Tournament fishing strenuous work

This is “Bass Week” in Fort Frances.
Anglers competing in this year’s Fort Frances Canadian Bass Championship have been plying the waters of Rainy Lake for the past week. You can see rooster tails flying high in the sky as those sleek fibreglass bass boats skim across the water.
The boats—shined into mirror finishes—seem to be loaded with the latest technology systems. Many now sport single or dual anchoring devices on the back.
Stable and comfortable, they are easy to fish from.
The compartments are filled with rods, reels, tackle, and baits—enough stock to fill a small fishing store. There always is something new on the market that every fisherman will need.
One of the most practical products on the market is Troy Lindner’s “Fit 4 Fishing.”
I hadn’t given the idea of being a fit fisherman much credence until I fished my first FFCBC. In fact, I must admit I didn’t think tournament fishing was all that strenuous.
You choose your rods and reels, attach the appropriate baits, and go fishing. You speed across the lake, pull up to a shoreline or rock outcropping, and begin casting or jigging. The sun shines down on you. A small breeze keeps the heat of the day down and everything is perfect.
On the first day of tournament fishing, your adrenalin is pumping and energizing your body. You are on a high. By the third day, although the same chemical still is sweeping through your body, it is doing so in smaller doses.
Being physically ready is seldom on one’s mind when fishing. It should be relaxing, calming, and mind-cleansing. And keeping hydrated is important.
I really was not prepared for strong winds rocking the boat, or fighting the wind and waves with the trolling motor while keeping my balance so I wasn’t thrown overboard. Just that dance on the front or back of the boat was tiring.
And the pounding of the boat travelling up and down the lake seemed to jar every bone in my body.
Tournament fishing also is a mind game. Why aren’t the fish biting? Where did they move to? I used a motor oil-coloured grub yesterday . . . why is that colour not working today?
The wind changed from a light northwest breeze to a strong southeast one. How are the fish setting themselves up?
Your mind continually is trying to process all the variables.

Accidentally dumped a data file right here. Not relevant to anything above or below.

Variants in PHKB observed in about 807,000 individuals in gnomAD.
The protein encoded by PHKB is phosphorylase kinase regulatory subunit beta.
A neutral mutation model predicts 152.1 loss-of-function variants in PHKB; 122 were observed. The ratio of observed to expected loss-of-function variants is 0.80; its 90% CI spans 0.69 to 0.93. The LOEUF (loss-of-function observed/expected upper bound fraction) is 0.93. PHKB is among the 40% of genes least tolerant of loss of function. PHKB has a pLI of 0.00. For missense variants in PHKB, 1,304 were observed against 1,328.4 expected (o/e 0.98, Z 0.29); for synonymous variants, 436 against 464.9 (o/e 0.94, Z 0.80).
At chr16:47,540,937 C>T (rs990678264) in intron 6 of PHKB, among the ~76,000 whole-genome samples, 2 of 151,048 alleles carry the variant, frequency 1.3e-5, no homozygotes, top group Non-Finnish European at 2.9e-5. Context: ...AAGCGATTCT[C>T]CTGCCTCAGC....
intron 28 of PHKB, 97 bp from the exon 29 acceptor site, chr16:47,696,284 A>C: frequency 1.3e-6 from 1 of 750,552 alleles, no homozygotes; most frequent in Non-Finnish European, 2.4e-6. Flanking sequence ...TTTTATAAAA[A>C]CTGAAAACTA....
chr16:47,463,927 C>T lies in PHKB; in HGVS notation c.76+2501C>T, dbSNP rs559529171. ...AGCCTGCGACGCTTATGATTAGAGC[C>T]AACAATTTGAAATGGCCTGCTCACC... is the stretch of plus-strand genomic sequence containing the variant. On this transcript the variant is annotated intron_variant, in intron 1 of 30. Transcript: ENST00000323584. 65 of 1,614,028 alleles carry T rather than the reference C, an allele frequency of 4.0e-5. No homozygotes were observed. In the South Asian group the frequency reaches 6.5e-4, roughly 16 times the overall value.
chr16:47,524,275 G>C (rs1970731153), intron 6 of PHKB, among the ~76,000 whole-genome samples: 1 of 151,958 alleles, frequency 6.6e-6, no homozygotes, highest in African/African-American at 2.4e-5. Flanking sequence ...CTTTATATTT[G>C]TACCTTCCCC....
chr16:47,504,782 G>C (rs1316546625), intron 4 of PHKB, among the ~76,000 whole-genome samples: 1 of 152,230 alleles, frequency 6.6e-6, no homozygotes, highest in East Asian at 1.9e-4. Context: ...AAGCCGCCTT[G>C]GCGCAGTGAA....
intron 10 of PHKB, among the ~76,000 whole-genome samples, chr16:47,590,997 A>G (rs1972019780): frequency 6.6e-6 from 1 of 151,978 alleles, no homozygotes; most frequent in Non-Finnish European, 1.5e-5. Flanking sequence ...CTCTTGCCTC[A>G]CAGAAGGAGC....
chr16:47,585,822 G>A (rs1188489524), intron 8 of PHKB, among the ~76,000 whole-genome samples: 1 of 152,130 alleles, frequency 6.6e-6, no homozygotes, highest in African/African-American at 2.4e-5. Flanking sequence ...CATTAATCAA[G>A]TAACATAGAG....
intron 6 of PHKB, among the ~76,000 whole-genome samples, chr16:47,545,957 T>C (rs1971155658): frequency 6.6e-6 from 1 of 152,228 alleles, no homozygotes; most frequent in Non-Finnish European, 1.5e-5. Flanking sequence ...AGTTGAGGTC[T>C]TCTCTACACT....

And after being on the water for almost nine hours, I was physically and mentally exhausted—only looking to crawl into bed so I could repeat the process the next day.
My wrists were sore. My arms were sore. My back and shoulders ached. Even regularly applying sunscreen throughout the course of the day, I ended up with raccoon eyes.
I had forgotten how tired I felt at the end of the day until this past week. I’ve been out on the water practising with Phil Bangert and a crew from Missouri, and I found myself experiencing the same exhaustion I remember from the two years of tournament fishing.
I thought that a couple of days on the water would not be tiring. I was wrong.
I have known about Troy’s program for anglers for half-a-decade and really never looked at it. I finally did so, and some of his solutions to relax muscles on the water, or just preparing to be on the water, I will use in the future.
The anglers on the water this week all will experience the potential aches, pains, and tiredness that I felt. Those who have been training will seem as fresh at the end of the day when they walk across the stage with their baskets of fish as they were at the beginning.
Those who do not fish tournaments regularly, or only this one, will be exhausted.
Tournament fishing is geared for a younger generation. This year, there are 40 anglers who will fish the FFCBC for the first time. It’s great to see the new young blood that can bounce back quickly.
It also is great to see the changes made to the tournament are attracting a whole new field of anglers.

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